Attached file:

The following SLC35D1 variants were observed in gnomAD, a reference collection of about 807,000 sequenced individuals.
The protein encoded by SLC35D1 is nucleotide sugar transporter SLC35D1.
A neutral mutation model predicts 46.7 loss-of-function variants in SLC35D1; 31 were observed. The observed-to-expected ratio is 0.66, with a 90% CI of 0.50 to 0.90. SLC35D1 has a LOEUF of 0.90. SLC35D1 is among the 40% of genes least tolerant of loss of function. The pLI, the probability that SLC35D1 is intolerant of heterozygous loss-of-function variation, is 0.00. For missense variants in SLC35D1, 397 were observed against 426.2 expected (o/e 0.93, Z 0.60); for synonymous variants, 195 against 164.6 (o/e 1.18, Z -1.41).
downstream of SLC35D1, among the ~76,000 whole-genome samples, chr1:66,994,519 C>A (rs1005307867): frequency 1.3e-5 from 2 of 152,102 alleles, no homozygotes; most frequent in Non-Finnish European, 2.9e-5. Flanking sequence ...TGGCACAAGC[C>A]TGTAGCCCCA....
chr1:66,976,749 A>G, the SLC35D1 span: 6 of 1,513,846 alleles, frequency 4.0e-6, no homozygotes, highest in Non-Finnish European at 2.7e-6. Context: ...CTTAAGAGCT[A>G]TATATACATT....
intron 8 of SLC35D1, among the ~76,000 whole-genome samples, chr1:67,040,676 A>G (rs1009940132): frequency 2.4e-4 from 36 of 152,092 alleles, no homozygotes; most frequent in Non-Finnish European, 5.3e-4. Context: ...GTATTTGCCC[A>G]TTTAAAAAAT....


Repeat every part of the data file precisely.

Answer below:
The following SLC35D1 variants were observed in gnomAD, a reference collection of about 807,000 sequenced individuals.
The protein encoded by SLC35D1 is nucleotide sugar transporter SLC35D1.
A neutral mutation model predicts 46.7 loss-of-function variants in SLC35D1; 31 were observed. The observed-to-expected ratio is 0.66, with a 90% CI of 0.50 to 0.90. SLC35D1 has a LOEUF of 0.90. SLC35D1 is among the 40% of genes least tolerant of loss of function. The pLI, the probability that SLC35D1 is intolerant of heterozygous loss-of-function variation, is 0.00. For missense variants in SLC35D1, 397 were observed against 426.2 expected (o/e 0.93, Z 0.60); for synonymous variants, 195 against 164.6 (o/e 1.18, Z -1.41).
downstream of SLC35D1, among the ~76,000 whole-genome samples, chr1:66,994,519 C>A (rs1005307867): frequency 1.3e-5 from 2 of 152,102 alleles, no homozygotes; most frequent in Non-Finnish European, 2.9e-5. Flanking sequence ...TGGCACAAGC[C>A]TGTAGCCCCA....
chr1:66,976,749 A>G, the SLC35D1 span: 6 of 1,513,846 alleles, frequency 4.0e-6, no homozygotes, highest in Non-Finnish European at 2.7e-6. Context: ...CTTAAGAGCT[A>G]TATATACATT....
intron 8 of SLC35D1, among the ~76,000 whole-genome samples, chr1:67,040,676 A>G (rs1009940132): frequency 2.4e-4 from 36 of 152,092 alleles, no homozygotes; most frequent in Non-Finnish European, 5.3e-4. Context: ...GTATTTGCCC[A>G]TTTAAAAAAT....